As your new marketing manager is getting the lay of the land, listen for their ideas. Maybe they’re experienced in podcast production or strategic pay-per-click advertising. If you’ve never thought of these tactics, a fresh perspective is helpful.
If you’re willing to hear the ideas, they’ll be more comfortable sharing them. Conversely, if they aren’t sharing any ideas, you may have difficulties brewing.
Dive In and Work Hard Smart
As covered earlier, a marketing manager is a doer. Early on in the journey, this person should be ready to dive in and work. Maybe it’s blog article drafts in the first couple weeks. Maybe it’s a social media plan and calendar suggestion. Perhaps they suggest a podcast plan to make your business the next Joe Rogan, Marc Maron, or NPR.
Whatever the case, if your new marketing manager is only interested in more meetings, more discussions, more dreams … you may be seeing a red flag. Encourage them to make progress. Set goals. Clarify expectations.
Pro Tip for Marketing Managers: Start From the End and Work Your Way Back
This one’s for marketing managers reading this. Align yourself with sales. Then, with the sales team’s support, start at the bottom of the funnel. Make sure sales reps feel supported by your plan. Make sure you understand where they’re coming from. And make sure you’re sharing with them how they can work inbound leads you’re planning to generate.
Maybe Don’t Do This
Something you don’t want is a marketing manager who wants to dismantle everything you’ve done just for the sake of making a name for themselves.
A new logo. New branding. Starting over. These should be red flags if it’s their first focus.
Maybe your logo needs some attention, or maybe the website could use a little conversion rate optimization. What you don’t want is a marketing manager who’s not willing to listen or learn, and who only has the arrogant belief that everything they’re bringing to the job is perfect and the best idea ever.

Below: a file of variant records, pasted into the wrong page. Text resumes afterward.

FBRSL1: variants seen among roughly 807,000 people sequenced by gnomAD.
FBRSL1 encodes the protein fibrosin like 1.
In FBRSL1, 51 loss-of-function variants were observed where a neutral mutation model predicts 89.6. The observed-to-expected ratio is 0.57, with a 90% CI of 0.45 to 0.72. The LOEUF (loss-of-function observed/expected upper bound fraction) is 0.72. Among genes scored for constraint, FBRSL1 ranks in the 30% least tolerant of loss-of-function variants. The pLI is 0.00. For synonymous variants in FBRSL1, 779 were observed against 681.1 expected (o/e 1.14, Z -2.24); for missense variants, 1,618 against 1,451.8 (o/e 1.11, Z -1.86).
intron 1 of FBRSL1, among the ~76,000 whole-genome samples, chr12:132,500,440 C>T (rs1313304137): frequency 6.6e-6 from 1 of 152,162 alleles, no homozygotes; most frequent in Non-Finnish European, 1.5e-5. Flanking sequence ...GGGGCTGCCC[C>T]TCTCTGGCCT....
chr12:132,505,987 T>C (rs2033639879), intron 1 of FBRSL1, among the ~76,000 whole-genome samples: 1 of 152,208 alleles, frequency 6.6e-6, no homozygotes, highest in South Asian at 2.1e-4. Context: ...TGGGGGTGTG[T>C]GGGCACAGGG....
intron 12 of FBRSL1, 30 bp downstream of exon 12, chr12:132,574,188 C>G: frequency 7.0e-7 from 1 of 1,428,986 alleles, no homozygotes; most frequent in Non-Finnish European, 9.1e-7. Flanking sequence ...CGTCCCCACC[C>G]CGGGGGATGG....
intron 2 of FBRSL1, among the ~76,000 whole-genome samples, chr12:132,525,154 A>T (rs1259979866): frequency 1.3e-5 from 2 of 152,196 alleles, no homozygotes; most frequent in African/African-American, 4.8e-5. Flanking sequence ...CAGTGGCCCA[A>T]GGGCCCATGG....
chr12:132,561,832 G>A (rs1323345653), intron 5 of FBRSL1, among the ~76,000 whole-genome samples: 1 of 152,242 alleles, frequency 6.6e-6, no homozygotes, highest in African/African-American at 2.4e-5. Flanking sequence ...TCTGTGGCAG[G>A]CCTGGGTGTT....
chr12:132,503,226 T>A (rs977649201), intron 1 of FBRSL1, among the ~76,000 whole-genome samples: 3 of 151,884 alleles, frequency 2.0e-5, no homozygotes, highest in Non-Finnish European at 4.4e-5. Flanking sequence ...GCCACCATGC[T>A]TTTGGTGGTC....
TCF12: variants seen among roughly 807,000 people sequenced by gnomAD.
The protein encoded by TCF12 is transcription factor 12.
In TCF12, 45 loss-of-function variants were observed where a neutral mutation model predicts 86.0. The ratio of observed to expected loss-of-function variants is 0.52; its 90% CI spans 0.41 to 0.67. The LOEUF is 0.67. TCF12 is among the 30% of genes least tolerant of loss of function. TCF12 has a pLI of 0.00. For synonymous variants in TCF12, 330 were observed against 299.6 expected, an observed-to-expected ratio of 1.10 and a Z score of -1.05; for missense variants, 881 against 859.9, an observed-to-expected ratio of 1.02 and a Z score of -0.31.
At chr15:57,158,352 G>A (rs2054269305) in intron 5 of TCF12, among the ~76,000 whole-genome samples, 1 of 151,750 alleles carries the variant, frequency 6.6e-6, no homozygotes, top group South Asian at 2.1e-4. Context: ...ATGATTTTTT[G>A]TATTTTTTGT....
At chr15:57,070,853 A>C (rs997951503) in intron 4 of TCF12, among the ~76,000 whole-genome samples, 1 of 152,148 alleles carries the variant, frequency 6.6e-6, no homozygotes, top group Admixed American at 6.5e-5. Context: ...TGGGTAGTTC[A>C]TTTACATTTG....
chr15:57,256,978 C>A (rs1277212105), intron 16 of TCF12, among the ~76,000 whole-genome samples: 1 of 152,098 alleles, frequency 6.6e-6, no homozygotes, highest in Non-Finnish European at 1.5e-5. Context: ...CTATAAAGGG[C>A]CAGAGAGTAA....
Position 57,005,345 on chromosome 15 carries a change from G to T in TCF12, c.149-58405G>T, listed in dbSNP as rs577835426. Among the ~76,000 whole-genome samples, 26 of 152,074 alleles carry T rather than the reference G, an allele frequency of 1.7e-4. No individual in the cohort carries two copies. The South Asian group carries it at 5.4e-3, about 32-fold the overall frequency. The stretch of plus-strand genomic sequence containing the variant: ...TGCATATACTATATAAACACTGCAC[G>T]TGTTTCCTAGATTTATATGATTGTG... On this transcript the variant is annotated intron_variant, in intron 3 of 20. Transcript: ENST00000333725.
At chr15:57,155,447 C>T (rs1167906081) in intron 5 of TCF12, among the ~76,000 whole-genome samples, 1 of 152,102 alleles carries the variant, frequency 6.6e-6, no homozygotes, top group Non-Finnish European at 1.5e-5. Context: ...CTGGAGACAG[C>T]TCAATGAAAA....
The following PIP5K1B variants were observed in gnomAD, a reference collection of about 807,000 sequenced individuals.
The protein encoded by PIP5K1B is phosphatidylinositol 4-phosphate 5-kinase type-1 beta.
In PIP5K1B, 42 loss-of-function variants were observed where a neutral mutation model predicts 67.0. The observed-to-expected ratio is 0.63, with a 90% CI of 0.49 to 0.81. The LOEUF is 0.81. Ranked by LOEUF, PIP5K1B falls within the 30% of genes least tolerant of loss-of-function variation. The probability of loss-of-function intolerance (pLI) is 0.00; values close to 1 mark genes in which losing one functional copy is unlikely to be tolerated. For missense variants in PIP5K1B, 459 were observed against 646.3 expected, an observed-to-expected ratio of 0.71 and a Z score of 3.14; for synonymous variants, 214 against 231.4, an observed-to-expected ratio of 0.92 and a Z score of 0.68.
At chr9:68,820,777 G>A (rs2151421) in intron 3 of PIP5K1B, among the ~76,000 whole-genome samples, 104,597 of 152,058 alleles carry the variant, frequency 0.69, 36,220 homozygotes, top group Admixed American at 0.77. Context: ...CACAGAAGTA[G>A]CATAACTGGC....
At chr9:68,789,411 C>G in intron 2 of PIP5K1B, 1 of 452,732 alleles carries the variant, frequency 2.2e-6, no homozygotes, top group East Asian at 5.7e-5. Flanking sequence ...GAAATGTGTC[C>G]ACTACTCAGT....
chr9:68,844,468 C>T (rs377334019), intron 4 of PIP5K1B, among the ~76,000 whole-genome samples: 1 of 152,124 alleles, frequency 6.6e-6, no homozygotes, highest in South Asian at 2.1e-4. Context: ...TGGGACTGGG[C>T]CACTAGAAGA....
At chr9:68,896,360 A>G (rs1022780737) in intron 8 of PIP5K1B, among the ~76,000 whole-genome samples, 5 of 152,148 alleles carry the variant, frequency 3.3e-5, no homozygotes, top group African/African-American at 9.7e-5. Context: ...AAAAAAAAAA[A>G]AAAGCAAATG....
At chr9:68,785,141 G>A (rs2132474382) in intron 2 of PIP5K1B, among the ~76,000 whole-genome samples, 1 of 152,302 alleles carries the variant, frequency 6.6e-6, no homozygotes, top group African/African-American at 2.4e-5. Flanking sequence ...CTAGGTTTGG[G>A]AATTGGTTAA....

Your new marketing manager should slow down and work smartly.
Bonus: Education and Collaboration
If you’re looking to hire a marketing manager - to replace someone else or to spin up a new position and maybe department - set yourself up for success.
If you understand the current marketing world a little bit, you’ll be prepared for conversations on subjects like conversational marketing, inbound marketing, content marketing, lead generation, social media, and more.
Finding the right person to fit your culture will take time. I’d suggest looking for a collaborative spirit about the person so that they work well with the team, plus a drive for growth so you’re not constantly having to push them for progress.
Sounds Great - What if I Don’t Have the Time?
Finding a good fit takes time. And effort.
Finding the right fit takes even more work.
So, what happens if you know you want a marketing manager, but don't have the time or expertise to find them? Or when you do find the right fit but aren’t equipped to provide the direction you need?
That's when you can hire an agency that can bring both strategy, AND implementation to the table. We’ve found great success working with businesses who want to grow with purpose, who are building teams, and who need that extra set of experts to help plan and execute.
Want to know how we coach businesses on business growth, marketing strategy and more? Check out the conversion report tool we built for businesses just like yours.